The festival, which features over 10,000 taiko drummers and dancers parading through the city, is held on August 1st to 4th every year. Because of the large numbers, it’s even listed in the Guinness Book of World Records! “Odori” means dance in Japanese, and that’s exactly what happens. Legend has it that the festival began when a demon, being punished for his evil deeds by a priest, was made to pledge to no longer be evil by placing his hands on a rock and imprinting them there. That’s actually what “Iwate” means… rock hand!The locals rejoiced that the demon would no longer bother them by dancing around the rock. And that’s how the festival came to be! Of course, it’s grown just a bit since then…

I haven’t been to this festival, as it was over by the time I swung around to Iwate on my Sandai Matsuri trip, but I’d really love to see it live one day. It is very close to Morioka Station, near the castle, so tourists can get there easily, even from Tokyo. I urge anyone with time to visit there to see the show!

Hiroshima #6: Momiji Manju (もみじ饅頭)

This week’s post is on one of Hiroshima’s famous foods, momiji manju! Momiji is the Japanese word for maple leaves, and is Hiroshima’s Prefectural “flower”. Manju is the general word for a sweet that is a castella-like outside with a cream or paste on the inside. The most popular type of filling for manju is usually koshian style anko, or red bean paste mashed through a sieve so the paste is a smooth consistency.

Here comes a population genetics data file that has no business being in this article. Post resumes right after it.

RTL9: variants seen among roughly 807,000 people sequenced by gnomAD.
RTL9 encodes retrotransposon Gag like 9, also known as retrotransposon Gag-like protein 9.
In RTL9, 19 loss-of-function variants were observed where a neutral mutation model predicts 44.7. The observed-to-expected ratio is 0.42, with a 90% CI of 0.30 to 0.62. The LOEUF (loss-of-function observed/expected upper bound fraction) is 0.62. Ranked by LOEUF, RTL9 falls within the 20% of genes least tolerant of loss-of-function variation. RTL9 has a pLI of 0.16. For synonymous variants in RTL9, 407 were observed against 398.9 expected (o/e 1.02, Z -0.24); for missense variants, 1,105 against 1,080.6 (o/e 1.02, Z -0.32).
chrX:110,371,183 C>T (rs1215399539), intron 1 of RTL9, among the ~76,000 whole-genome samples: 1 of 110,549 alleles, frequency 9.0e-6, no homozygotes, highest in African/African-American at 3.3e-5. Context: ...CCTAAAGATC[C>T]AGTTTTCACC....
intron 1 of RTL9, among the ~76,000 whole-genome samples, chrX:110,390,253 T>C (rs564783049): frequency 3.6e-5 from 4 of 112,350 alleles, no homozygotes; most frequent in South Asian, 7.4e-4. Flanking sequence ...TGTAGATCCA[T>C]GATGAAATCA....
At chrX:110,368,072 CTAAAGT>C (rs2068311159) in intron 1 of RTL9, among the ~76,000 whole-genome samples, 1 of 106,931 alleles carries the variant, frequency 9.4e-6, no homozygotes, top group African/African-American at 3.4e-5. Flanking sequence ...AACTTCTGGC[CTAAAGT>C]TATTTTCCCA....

On arrival to Miyajima and checking into our traditional Japanese inn, we received several momiji manju along with green tea. I have to say… well, they aren’t my favorite (laughs). A lot of famous Japanese sweets I think actually aren’t that good, but they’re famous so everyone buys them.

Luckily, I found a way I DO like them… deep fried! Aww yeah, my Southern’s showing! Hot from the frying oil is definitely the way to enjoy these sweets!


Postcard with our ryokan’s gift


This way is DEFINITELY better!


About to enjoy a hot treat!

You can enjoy momiji manju anywhere in Hiroshima; indeed, even my local grocery store here in Gunma sells “Hiroshima-style manju”. The fried kind, however, might just be a local Miyajima specialty. If you land on Miyajima, just follow your nose – and the crowds – to the fried manju stand. There are multiple places to buy the regular kind as well, and try all the different fillings. Take your pick and find your favorite!